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To think this lady at the cash point was rude

(74 Posts)

MNHQ have commented on this thread.

Arcadia Tue 30-Dec-14 15:37:32

Went into town today which was busy due to sales shopping, to go and see a show and have lunch with DD(5). We went up to a cashpoint outside a bank, on a narrow piece of pavement, and waited near to an oldish lady who was using the machine. At one point we looked past her at a pub menu sign on the pavement, and stepped back again. As her cash was coming out, she said to me 'you are supposed to stand further away', I said we were just looking at that sign. She said 'I know but you are supposed to stand further back'. I am usually really friendly to people but something about her tone got my back up so I said 'don't worry, I am not going to grab your money and run off, I won't get far with a five year old will I?'. She said 'it is just good manners'. I replied 'we'll you haven't got any' as she walked away.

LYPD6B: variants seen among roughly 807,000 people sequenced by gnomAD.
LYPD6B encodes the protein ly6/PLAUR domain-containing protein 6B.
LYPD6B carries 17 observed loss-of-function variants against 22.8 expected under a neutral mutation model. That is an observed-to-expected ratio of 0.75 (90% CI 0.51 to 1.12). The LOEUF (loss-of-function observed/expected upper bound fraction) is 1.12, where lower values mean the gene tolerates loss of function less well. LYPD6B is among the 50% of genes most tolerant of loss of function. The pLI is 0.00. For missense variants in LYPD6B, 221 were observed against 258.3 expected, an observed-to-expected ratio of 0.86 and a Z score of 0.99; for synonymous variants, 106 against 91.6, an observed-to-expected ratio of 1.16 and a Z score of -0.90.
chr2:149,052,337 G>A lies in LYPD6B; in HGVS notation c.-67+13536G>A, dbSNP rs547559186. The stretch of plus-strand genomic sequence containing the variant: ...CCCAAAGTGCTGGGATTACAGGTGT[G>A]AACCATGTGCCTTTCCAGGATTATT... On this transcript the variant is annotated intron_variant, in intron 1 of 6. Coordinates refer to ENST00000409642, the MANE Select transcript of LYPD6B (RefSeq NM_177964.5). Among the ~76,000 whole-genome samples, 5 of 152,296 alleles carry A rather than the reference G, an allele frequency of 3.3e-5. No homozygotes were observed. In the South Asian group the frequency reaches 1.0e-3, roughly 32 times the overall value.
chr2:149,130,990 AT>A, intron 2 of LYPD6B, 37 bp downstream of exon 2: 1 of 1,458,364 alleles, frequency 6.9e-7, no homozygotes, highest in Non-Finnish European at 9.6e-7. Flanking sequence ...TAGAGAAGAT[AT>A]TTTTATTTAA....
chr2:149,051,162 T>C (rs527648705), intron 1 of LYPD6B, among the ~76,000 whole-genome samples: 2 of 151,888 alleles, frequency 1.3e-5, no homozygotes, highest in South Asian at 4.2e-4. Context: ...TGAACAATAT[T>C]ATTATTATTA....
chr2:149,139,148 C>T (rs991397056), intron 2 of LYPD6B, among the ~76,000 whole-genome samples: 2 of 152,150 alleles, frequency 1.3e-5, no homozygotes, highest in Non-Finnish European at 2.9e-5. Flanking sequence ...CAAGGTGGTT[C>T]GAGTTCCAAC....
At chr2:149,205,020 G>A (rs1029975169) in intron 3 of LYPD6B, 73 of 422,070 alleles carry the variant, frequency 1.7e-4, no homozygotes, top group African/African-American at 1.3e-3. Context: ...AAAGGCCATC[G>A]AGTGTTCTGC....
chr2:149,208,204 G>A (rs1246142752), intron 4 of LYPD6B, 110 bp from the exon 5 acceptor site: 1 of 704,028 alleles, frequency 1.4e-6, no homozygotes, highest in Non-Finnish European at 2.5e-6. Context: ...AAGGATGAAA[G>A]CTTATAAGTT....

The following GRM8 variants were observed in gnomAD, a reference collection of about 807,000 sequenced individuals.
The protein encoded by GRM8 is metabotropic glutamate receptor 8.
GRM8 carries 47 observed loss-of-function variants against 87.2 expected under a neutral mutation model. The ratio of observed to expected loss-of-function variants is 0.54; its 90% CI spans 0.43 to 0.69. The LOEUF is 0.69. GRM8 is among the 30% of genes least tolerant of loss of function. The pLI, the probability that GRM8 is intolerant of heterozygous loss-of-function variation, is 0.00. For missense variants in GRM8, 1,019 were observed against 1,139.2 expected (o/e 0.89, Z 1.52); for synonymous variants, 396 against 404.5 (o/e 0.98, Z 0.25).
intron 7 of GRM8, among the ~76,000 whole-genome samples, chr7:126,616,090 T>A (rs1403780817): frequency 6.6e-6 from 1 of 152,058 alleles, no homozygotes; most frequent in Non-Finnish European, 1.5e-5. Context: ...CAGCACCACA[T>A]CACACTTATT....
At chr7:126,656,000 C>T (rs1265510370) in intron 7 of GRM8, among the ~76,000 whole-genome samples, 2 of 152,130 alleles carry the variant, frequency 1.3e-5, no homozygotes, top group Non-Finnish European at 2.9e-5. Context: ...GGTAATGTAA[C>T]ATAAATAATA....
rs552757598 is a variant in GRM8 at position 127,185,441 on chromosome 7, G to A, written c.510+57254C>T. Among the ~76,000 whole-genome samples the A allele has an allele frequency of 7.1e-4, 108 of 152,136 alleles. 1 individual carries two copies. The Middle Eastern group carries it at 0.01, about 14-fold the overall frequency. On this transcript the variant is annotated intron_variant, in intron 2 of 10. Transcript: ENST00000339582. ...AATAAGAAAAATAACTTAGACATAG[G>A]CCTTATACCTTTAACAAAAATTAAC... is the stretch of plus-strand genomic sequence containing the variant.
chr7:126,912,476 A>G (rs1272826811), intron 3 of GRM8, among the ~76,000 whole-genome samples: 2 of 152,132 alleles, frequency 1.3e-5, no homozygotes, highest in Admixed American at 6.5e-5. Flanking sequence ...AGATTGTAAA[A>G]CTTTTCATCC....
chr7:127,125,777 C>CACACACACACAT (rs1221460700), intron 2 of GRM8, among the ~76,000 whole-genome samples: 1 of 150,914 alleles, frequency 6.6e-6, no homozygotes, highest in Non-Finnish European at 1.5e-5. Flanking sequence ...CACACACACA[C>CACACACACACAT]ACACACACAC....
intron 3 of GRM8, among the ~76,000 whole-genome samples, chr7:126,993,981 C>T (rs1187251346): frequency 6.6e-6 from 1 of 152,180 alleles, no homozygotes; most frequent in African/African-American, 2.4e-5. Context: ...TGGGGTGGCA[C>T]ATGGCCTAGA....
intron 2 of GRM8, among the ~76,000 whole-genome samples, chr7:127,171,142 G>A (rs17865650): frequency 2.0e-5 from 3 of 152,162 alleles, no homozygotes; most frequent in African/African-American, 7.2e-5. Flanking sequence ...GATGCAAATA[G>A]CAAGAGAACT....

We seriously were not right behind her at all, not looking at the screen or her transaction, alongside her, and because the pavement was narrow could not have gone further away.

I am also annoyed, if I was a genuinely threatening looking person rather than obviously a mum with a young child I don't think she would have said anything.

I feel I was a bit rude but I think she was rude. AIBU?

DamnBamboo Tue 30-Dec-14 15:39:32

If there was nowhere else to stand then no, YWNBU. But being with a young child doesn't mean you aren't a thief, indeed children are often used to distract.

snice Tue 30-Dec-14 15:41:04

I think older people can be understandably very nervous using a cash machine and any movement behind them sets off alarm bells.
I think you were rather rude/sarky to her actually

SirChenjin Tue 30-Dec-14 15:44:01